* Commitments apply to just 4 pct of sales
* Aim to stave off regulators concerns
* Decision expected by Feb. 18 (Introduces dual dateline, adds background, share price)
PARIS/FRANKFURT, Dec 12 (Reuters) - Alstom and Siemens have agreed to submit measures to the European Commission that would reduce their combined sales by more than half a billion euros in a bid to get their planned rail merger approved, showing they will budge, but not at any expense.
Germany’s Siemens and France’s Alstom agreed last year to merge their rail operations, creating a company with 15 billion euros ($17 billion) in revenue and a workforce of 62,000, but regulators raised concerns over the deal. “The proposed remedies include mainly signalling activities as well as rolling stock products and represent around four percent of the sales of the combined entity,” Siemens and Alstom said in a brief joint statement on Wednesday.
“The parties consider that the proposed remedy package is appropriate and adequate. There is, however, no certainty that the content of this package will be sufficient to alleviate the concerns of the Commission. A decision by the Commission is expected by February 18, 2019,” they added.
Sources close to the companies believe the latest intention is not necessarily to shed assets but to grant licences to competitors in the areas of signalling, where both have high market shares, and in rolling stock.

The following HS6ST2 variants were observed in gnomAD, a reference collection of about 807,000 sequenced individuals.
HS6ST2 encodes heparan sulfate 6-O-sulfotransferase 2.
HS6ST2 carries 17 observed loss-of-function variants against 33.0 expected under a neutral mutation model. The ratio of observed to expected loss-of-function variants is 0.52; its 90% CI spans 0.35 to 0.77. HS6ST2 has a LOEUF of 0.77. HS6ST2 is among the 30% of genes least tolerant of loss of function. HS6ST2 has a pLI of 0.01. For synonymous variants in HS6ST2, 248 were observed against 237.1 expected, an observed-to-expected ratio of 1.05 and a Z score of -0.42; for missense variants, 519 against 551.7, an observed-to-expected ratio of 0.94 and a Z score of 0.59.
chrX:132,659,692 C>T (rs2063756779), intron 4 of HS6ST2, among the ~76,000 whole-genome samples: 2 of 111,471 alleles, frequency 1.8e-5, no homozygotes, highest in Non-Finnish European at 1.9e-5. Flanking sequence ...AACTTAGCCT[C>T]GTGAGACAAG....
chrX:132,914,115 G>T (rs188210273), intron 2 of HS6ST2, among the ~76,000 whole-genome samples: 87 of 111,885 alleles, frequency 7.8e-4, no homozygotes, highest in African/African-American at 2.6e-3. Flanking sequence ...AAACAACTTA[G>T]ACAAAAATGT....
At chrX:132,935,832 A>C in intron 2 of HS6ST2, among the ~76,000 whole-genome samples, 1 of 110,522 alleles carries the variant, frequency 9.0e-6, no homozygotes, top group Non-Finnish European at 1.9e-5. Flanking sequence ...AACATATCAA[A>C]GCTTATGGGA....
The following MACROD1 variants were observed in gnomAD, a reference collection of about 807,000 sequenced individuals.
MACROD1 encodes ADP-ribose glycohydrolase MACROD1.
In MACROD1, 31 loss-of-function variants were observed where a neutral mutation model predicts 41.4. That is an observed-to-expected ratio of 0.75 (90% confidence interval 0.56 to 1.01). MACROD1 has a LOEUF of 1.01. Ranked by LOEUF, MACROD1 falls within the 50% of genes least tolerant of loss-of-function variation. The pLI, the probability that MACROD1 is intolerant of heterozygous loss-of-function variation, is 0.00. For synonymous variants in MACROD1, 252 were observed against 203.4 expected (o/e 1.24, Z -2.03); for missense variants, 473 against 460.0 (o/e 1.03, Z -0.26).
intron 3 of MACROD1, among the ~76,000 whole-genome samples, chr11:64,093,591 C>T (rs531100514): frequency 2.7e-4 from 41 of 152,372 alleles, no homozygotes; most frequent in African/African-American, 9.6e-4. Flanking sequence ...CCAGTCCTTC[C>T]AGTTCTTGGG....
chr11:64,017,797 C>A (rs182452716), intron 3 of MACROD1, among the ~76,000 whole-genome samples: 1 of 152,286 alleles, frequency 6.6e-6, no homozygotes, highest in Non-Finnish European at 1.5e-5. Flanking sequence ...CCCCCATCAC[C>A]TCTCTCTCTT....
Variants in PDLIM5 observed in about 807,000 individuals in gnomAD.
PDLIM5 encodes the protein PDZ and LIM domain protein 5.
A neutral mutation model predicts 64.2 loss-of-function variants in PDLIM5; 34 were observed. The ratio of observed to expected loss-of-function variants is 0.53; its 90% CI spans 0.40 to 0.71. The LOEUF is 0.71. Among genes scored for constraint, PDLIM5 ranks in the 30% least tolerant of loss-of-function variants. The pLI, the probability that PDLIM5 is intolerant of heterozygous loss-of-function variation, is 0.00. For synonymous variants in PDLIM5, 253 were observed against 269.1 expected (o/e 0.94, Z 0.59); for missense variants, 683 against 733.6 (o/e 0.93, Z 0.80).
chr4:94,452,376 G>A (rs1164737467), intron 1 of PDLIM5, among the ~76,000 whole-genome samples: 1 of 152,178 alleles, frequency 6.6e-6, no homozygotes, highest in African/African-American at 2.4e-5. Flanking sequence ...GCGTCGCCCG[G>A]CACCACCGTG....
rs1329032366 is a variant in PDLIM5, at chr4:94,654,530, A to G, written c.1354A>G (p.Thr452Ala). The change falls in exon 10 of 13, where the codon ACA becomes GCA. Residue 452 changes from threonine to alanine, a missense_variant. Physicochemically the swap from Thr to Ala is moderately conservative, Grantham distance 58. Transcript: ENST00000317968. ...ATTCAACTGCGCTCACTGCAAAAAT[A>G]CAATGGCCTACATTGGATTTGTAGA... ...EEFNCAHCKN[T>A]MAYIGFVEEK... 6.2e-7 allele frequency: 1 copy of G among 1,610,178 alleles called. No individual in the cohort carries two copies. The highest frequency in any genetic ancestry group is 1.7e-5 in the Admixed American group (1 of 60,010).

Rivals have said that the power of the combined company could shut them out of the European market, and the European Union’s antitrust regulator had sent a series of objections to the groups forcing them to come up with specific concessions. Opening the probe earlier this year, EU antitrust chief Margrethe Vestager said the deal, that could create a global leader with three times the market share of its close rivals, might lead to higher fares for travellers. The 2017 deal agreed between Siemens and Alstom was also aimed at creating a European champion to challenge the advance of China’s state-owned CRRC, and Canada’s Bombadier Transportation.
Nevertheless, some French opposition politicians had also voiced concerns that the deal could see France would lose control of the TGV high-speed train given that Siemens also makes the ‘ICE’ high-speed trains.
A note from equities researchers Alpha said the proposed move was “slight sentiment positive but in line with latest signalling.”
Siemens shares were 0.3 percent up at 0830 GMT. (Reporting by Sudip Kar-Gupta and Alexander Huebner; writing by Vera Eckert in Frankfurt, editing by Maria Sheahan and Alexandra Hudson)